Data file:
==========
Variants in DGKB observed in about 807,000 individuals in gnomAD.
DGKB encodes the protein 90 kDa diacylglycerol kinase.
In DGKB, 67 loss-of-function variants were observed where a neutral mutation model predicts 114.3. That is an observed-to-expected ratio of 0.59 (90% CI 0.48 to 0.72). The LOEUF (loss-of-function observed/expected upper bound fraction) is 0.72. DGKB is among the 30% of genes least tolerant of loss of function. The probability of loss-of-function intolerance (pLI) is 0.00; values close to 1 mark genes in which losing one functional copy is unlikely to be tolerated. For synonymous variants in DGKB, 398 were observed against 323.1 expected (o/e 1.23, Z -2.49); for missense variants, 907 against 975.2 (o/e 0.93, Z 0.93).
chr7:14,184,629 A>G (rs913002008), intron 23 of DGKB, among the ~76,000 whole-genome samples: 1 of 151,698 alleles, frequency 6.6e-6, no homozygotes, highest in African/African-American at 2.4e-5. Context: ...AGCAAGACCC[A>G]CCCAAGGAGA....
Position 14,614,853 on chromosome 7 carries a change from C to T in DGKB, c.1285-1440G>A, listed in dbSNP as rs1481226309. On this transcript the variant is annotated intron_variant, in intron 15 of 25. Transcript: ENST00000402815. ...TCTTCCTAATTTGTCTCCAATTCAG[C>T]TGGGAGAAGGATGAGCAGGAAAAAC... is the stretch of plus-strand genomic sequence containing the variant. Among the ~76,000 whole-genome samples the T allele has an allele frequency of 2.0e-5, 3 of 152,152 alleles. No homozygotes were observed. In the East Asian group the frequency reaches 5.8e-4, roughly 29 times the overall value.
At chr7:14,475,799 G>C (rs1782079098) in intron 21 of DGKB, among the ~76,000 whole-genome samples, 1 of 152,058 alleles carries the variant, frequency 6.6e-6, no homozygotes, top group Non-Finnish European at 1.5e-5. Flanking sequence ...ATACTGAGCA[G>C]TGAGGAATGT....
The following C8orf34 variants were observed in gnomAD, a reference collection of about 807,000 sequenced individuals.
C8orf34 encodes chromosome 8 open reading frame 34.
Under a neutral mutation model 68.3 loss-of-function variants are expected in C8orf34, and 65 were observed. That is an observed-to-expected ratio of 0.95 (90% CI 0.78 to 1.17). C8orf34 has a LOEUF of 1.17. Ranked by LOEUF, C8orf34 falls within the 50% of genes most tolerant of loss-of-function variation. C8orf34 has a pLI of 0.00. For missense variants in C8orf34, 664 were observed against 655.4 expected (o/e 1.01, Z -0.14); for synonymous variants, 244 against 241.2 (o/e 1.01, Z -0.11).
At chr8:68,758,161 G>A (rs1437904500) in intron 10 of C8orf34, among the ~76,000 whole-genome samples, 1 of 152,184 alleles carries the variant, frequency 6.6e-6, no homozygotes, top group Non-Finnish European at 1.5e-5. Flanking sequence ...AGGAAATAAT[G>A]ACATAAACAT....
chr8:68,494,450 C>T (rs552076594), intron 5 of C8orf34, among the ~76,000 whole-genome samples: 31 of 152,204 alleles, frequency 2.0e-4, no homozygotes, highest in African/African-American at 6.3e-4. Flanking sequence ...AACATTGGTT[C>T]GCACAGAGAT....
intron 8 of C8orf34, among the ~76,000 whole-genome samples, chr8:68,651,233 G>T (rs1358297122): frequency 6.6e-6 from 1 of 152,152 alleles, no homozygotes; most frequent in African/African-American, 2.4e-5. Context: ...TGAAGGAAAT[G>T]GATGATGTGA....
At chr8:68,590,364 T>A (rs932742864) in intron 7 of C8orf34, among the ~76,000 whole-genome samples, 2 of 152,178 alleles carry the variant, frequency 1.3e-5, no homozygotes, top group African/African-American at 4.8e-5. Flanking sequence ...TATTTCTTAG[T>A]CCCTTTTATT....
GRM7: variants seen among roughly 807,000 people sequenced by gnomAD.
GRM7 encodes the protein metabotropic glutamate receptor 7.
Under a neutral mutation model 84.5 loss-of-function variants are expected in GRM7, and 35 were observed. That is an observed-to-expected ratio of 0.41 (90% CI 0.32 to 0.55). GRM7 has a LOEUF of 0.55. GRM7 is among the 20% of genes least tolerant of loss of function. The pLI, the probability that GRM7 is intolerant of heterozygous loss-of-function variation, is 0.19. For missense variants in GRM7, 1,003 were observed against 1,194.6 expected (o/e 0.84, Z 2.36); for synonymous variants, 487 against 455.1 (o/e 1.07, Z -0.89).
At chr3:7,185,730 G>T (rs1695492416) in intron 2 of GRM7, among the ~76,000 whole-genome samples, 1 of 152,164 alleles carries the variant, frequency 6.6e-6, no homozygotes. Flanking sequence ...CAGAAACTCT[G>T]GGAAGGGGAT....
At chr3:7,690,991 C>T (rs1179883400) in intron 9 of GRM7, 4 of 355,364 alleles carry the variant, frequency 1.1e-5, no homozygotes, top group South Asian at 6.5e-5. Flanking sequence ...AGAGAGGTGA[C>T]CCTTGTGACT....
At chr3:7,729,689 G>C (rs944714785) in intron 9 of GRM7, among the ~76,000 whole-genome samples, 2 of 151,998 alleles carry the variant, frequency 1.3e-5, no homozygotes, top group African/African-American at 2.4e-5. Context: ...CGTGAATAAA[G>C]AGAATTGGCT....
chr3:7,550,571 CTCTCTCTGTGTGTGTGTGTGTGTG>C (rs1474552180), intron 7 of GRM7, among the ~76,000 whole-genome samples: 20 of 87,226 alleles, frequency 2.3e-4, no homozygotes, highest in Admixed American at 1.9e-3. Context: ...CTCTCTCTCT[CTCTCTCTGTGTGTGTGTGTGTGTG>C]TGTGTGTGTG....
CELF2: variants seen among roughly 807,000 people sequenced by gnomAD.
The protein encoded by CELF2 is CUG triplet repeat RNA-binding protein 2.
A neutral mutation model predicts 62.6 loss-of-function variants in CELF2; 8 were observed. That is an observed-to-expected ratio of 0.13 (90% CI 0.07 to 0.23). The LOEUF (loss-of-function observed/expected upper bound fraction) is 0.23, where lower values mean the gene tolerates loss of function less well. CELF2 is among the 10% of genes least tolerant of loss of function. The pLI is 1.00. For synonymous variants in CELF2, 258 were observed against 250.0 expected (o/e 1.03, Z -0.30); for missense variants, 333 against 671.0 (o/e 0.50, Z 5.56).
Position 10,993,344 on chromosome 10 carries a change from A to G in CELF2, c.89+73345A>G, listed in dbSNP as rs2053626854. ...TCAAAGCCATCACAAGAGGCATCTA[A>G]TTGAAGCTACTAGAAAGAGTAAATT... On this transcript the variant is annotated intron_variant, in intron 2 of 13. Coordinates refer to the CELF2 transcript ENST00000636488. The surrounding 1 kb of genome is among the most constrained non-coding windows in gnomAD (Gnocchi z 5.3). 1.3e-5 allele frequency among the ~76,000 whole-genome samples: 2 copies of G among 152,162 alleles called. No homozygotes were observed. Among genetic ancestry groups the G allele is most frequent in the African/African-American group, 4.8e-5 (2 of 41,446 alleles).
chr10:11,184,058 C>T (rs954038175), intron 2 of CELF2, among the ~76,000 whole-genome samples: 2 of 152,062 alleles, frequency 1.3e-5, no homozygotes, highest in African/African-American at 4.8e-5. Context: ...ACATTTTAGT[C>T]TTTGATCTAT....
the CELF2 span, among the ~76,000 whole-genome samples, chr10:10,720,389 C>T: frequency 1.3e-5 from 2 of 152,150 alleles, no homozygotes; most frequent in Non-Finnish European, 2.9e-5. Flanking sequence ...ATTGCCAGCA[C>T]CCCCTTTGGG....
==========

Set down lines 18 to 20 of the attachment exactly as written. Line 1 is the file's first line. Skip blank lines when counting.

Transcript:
At chr3:7,690,991 C>T (rs1179883400) in intron 9 of GRM7, 4 of 355,364 alleles carry the variant, frequency 1.1e-5, no homozygotes, top group South Asian at 6.5e-5. Flanking sequence ...AGAGAGGTGA[C>T]CCTTGTGACT....
At chr3:7,729,689 G>C (rs944714785) in intron 9 of GRM7, among the ~76,000 whole-genome samples, 2 of 151,998 alleles carry the variant, frequency 1.3e-5, no homozygotes, top group African/African-American at 2.4e-5. Context: ...CGTGAATAAA[G>C]AGAATTGGCT....
chr3:7,550,571 CTCTCTCTGTGTGTGTGTGTGTGTG>C (rs1474552180), intron 7 of GRM7, among the ~76,000 whole-genome samples: 20 of 87,226 alleles, frequency 2.3e-4, no homozygotes, highest in Admixed American at 1.9e-3. Context: ...CTCTCTCTCT[CTCTCTCTGTGTGTGTGTGTGTGTG>C]TGTGTGTGTG....